Cards for Humanity: Students take action

Marshall Middle School art students participating in the Cards for Humanity fundraiser are (back row, from left) Rory Long, Sadie Williams, Aliza Alibhai, Sabrina Melad, Noelle Mingo, (front row) Tyson Dougherty and Alona Schnee. (photos by John Gregory)

Cards for Humanity: Students take action

Seventh grade art students from Marshall Middle School took the initiative to create their own fund drive with the goal of helping victims of recent hurricanes that struck the United States. They asked for donations Friday and Saturday at the Starbucks located near the old Vons, 10000 Aviary Drive, and they will be there again Sunday morning, Sept. 24 from 8:30 to 9:30 a.m. Those who make a donation receive a special greeting card, handmade with great care by one of the students.


Fundraiser for hurricane victims

Marshall Middle School art students give a free handmade greeting card to anyone who donates. $2 donation suggested.

Sunday, Sept. 24
8:30-9:30 a.m.
Starbucks (near old Vons)
10000 Aviary Drive

Earlier this month, students from Laura McDonald’s art classes were learning about the 9-11 attacks against the United States and were discussing both Hurricane Harvey and Hurricane Irma. It’s understandable that 12-year-olds, upon becoming aware of the enormity of these calamities, might have felt a bit anxious and helpless at the same time. The youngsters wondered what they could do to make a difference. That’s when they decided to take action by organizing a fund drive to help the hurricane victims.

“When the hurricane hit Texas, and then we knew another was coming to Florida — and we were in the midst of talking about 9-11 — we thought, ‘We’re so fortunate to live in San Diego and we haven’t been through anything devastating,’” McDonald explained. “So, we thought, ‘How can we, as middle schoolers, do something to help out these victims that have been affected by these natural disasters and such?’”

Art students from Marshall Middle School are giving away colorful, hand-made greeting cards to everyone who donates to their fund benefitting hurricane victims.

McDonald’s students came up with the idea to create handmade greeting cards which they would give away to anyone who would donate to a fund they created to help the hurricane victims. A couple of students went to the Starbucks on Aviary Drive to ask permission to set up a donation stand this weekend. The Starbucks manager was kind enough to grant permission, and the students collected donations Friday and Saturday, and will be there again Sunday, Sept. 24. Each person who donates is given a free, handmade greeting card. The suggested donation is $2, “but we’ll take whatever they can give,” McDonald said.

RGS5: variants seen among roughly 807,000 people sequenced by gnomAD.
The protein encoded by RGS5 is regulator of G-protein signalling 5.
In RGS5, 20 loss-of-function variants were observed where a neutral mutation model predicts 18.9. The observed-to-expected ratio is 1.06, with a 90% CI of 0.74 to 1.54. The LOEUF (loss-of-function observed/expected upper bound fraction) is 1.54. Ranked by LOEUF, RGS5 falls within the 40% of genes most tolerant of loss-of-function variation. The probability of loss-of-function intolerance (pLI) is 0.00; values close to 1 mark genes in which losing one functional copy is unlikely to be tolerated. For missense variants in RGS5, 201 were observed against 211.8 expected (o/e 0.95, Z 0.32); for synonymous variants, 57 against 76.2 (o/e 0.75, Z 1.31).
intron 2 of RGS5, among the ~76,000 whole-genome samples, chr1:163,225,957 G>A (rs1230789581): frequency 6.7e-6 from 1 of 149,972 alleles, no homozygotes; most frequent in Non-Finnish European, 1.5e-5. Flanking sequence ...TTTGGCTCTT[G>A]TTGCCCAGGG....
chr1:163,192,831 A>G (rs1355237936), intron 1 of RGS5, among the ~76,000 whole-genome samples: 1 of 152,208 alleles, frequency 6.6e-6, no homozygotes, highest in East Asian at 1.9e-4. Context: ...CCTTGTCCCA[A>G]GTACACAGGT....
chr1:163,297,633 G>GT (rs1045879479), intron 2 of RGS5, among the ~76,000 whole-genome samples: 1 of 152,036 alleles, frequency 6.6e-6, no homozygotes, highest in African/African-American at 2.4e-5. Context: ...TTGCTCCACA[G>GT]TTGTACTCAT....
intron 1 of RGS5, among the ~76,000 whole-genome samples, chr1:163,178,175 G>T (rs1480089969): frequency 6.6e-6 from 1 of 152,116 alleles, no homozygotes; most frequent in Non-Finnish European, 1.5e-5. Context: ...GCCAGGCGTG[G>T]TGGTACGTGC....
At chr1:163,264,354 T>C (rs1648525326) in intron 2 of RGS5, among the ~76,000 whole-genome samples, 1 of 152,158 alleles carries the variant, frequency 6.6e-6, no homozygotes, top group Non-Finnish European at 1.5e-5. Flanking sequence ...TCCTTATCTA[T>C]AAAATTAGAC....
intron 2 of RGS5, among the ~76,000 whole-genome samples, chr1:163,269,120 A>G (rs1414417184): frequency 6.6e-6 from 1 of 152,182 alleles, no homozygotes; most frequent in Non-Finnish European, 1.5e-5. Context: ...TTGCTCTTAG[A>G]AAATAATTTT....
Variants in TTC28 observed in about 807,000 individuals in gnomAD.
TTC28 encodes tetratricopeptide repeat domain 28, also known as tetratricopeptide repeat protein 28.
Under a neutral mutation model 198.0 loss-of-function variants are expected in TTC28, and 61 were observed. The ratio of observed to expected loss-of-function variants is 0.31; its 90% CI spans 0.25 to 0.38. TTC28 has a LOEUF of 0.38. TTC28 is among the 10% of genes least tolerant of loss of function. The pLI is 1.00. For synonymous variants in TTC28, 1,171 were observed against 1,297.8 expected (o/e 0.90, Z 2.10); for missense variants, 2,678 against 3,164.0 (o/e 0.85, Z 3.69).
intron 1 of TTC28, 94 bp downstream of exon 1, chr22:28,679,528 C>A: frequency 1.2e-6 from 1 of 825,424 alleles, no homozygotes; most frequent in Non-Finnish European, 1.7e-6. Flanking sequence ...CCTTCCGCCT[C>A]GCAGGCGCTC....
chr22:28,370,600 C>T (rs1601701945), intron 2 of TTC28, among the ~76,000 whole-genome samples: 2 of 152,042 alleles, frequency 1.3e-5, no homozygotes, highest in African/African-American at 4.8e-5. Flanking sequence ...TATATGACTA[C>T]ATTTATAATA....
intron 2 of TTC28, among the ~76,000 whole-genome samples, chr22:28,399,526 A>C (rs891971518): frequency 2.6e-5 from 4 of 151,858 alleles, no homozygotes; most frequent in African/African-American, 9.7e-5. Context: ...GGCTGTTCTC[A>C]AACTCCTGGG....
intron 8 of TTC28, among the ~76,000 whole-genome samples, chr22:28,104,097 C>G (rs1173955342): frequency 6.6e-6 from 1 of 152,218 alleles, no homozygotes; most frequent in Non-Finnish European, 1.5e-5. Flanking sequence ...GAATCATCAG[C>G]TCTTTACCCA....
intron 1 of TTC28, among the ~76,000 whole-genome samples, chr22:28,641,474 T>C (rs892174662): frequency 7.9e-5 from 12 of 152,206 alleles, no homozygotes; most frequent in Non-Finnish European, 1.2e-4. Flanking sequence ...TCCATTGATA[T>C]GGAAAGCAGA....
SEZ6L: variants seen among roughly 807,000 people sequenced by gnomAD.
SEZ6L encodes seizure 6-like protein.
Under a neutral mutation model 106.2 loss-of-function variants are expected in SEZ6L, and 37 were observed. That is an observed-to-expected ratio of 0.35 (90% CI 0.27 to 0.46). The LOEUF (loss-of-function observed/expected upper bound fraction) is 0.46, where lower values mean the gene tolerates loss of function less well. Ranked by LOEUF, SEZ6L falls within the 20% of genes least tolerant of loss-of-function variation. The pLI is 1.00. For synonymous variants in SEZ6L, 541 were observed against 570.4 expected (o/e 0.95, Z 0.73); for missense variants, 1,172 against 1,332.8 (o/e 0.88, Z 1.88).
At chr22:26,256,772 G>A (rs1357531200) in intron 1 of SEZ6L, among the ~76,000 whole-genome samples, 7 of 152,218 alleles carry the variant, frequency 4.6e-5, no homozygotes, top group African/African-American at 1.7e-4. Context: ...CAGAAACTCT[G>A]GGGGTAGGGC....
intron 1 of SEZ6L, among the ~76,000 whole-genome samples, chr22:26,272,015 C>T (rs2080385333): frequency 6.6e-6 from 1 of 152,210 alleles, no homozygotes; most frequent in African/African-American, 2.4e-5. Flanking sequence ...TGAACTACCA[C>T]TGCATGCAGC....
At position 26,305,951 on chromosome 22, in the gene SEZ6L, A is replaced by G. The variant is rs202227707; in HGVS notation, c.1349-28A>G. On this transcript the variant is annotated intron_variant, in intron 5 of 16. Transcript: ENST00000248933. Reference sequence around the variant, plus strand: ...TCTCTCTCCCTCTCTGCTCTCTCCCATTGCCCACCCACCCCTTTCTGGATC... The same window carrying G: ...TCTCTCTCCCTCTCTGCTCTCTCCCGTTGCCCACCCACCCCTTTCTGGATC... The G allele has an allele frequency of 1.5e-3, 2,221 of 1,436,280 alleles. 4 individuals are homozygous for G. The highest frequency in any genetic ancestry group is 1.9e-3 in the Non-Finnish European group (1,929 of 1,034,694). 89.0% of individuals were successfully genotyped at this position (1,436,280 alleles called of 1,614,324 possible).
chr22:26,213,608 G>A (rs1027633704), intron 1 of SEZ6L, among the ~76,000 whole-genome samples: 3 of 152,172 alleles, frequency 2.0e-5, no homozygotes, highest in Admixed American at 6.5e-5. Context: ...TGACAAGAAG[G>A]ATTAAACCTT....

The greeting cards include thank you cards, cards of congratulations, birthday cards and even blank cards. Each card was made by a student. Some are hand painted using watercolors, while others feature calligraphy.

Marshall Middle School art teacher Laura McDonald assists seventh graders (from left) Noelle Mingo, Keyara Anderson and Alona Schnee at Starbucks, 10000 Aviary Drive.

“They really did a good job and they organized pretty much this whole idea from start to finish and called it Cards for Humanity,” McDonald explained.

“I kind of came up with the Starbucks idea,” said Noelle Mingo, 12.

Mingo said her card creations were “mainly watercolors because that’s what I’m best at.”

Alona Schnee, 12, further explained the reason for the project.

“We thought it would be nice because we have really good weather. We don’t really have severe problems with weather,” she said.

“We thought, since we’re not going through these problems, we should help the people who are,” Mingo added.

Tyson Dougherty and Rory Long are two art students who helped out on the organizational side of things.

“We organized the sales and got to use Starbucks. We went there on the weekend and asked the manager if we could set up a table there,” Dougherty explained.

“We went to Starbucks on Sunday a week ago and got permission and an email and everything from the manager. … It was pretty cool,” Long said. “There’s always a little doubt … but the manager was nice and I guess she understood that it was for a good cause.”

“It’s nice to know that we’re helping people in need,” Dougherty said.

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